Song: Wolverton Mountain by Claude King and Merle Kilgore

 Place: Woolverton Mountain, Arkansas

Clifton Clowers grave site
Lyrics passage They say don't go on Wolverton Mountain if you're looking for a wife
'Cause Clifton Clowers has a pretty young daughter
He's mighty handy with a gun and a knife
Her tender lips are sweeter than honey and Wolverton Mountain protects her there
The bears and the birds tell Clifton Clowers if a stranger should enter there.
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Clifton Clowers grave siteClifton Clowers grave site Wolverton MountainWolverton Mountain
The lyrics of a song can tell us a lot. But if the song is about a real person, do the lyrics tell us the truth? Wolverton Mountain is all about what seems like an angry mountain man who is over-protective of his attractive daughter. The lyric writer not only couldn't spell "Woolverton," it seems he got a lot wrong about the main character, Clifton Clowers. And this is doubly confusing because one of the songwriters was the nephew of the elderly gent in question.

What the lyrics don't tell you is that Clifton Clowers, who according to the song was "mighty handy with a gun and a knife," never actually carried a gun. In fact, he was a highly educated man who could read and write both Latin and Greek, as well as play several musical instruments, not to mention play a fine game of chess. He lived to a ripe old age, played dominoes and the mandolin until his dying days, and drove a well-matched team of mules. According to folk who knew Clifton Clowers, he was friendly, sociable and just a darn good citizen. In fact, he was happily married, a deacon in the Baptist church, and lived until he was 102. He's buried in the Woolverton Mountain Cemetery.

So why did nephew Merle Kilgore, one of the creators of the song about his "dangerous" uncle, write about Clifton in such a way? One theory goes that Merle was joking. And perhaps part of the problem about truth and reality being miles apart is that Kilgore's song was changed a fair bit by the other songwriter, Claude King, who clearly had no idea about the real Mr. Clowers.

Kilgore started at the bottom in the music business when, as a kid, he used to carry the guitar of Hank Williams. Many years later Kilgore went from gofer to head honcho when he became the manager of Hank's son, Hank Williams Junior. Kilgore wrote several hits, including "Ring of Fire," for Johnny Cash. Most folks agree that Kilgore's version of "Wolverton Mountain" needed a fair bit of re-writing and that King did most of it.

Whatever the real story, the song did very well, selling over a million records. It certainly gave Claude King more than his 15 minutes of fame. Growing up, King was more interested in sports than music, but eventually he picked up a guitar and a country music career began. He was born in 1923 and appeared on shows with various "unknowns" like Elvis Presley, Hank Williams, and Johnny Cash. And while those artists all went on to international stardom, King really only made it internationally with just the one song.

So successful did "Wolverton Mountain" become that 20 years later the then-governor of Arkansas declared August 7 to be Wolverton Mountain Day. Bing Crosby recorded a cover version, as did Nat King Cole, and there was a duet with Connie Francis and Hank Williams Junior – the latter managed by Uncle Clifton's nephew. And there was a sequel, too, when Jo Ann Campbell recorded "The Girl from Wolverton Mountain," taking on the role of the well-protected daughter.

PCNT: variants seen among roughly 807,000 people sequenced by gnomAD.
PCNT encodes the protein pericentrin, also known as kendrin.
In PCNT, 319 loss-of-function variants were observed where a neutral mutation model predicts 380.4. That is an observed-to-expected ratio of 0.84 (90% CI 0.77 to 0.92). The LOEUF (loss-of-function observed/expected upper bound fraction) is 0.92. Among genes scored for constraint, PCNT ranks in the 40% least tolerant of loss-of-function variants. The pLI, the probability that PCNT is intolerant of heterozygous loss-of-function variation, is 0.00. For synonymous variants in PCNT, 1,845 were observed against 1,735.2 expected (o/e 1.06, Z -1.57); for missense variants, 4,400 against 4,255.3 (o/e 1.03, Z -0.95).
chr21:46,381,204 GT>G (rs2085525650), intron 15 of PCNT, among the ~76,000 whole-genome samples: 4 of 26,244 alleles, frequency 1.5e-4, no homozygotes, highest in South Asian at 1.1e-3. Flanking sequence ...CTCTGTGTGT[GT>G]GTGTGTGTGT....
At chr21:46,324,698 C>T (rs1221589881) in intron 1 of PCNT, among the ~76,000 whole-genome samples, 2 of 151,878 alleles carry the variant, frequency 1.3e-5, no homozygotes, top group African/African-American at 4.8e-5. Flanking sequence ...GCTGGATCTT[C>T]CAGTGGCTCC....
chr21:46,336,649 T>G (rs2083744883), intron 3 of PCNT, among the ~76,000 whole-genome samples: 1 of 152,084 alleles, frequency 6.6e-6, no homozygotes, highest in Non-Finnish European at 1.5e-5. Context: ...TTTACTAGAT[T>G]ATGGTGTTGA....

The real Woolverton Mountain is in Conway County, Arkansas. It's located a few miles north of Morrilton in the north of the state, which is some 50 miles from Little Rock.

So the place was real, the old man on the mountain was real, he had, in fact, two daughters, was a really nice guy, and the songwriters certainly had a problem with their spelling.
~ Cenarth Fox
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COMMENTS: 8pages [ 01 ] 02 03 >

James M. "Jim" Skipper from Pearland, TexasThis is a great article! My step dad, Lyonell Halbrook, (postmaster at Cleveland a few miles through the hills SW of Woolverton Mountain) knew Clifton. My step dad's family had settled near Woolverton Mountain (and Center Ridge) in the 1800s and some were buried on the Mountain and others at the Halbrook Cemetery near the east side. I agree with some of the thoughts expressed by some of the commenters here; "Wolverton" has the thought of wolves rather than wool. The alliteration of "Clifton Clowers" also adds interest. The story, though, needed to have some challenging plot such as the warning not to try to date the daughter to create the overall story. It's a nice little song, but when it came out I thought it had too much of a 'hillbilly' sound.
Marc J. Cohen from New Bedford, Massachusetts/Fort Lauderdale, FloridaGreat song! Always loved it! It's like the C&W version of a fairy tale, where knights try and rescue a beautiful maiden from a castle and are all killed by a dragon. Does the narrator make it, or does he become just another one of the rotting skeletons strewn about Wolverton Mountain? Why is Clifton Clowers so over-protective of his daughter? Did his wife die? So many more questions to ponder.
Jimbo James from FlordaEspecially because Clowers was Kilgore's uncle, it's a near certainty that Kilgore & King knew the correct spelling of the mountain's name. The probably felt that "Wolverton" would look better in the song's title.

Likewise, Kilgore probably knew his uncle better than to believe that he was a gunfighter and knife-fighter. As some have pointed out, the song was probably written jokingly, a good-natured joke for Kilgore's uncle.

It certainly brought to Clowers a lot of fame, of a positive nature.

Jimbo James
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 Video: Wolverton Mountain

 Place: Woolverton Mountain, Arkansas

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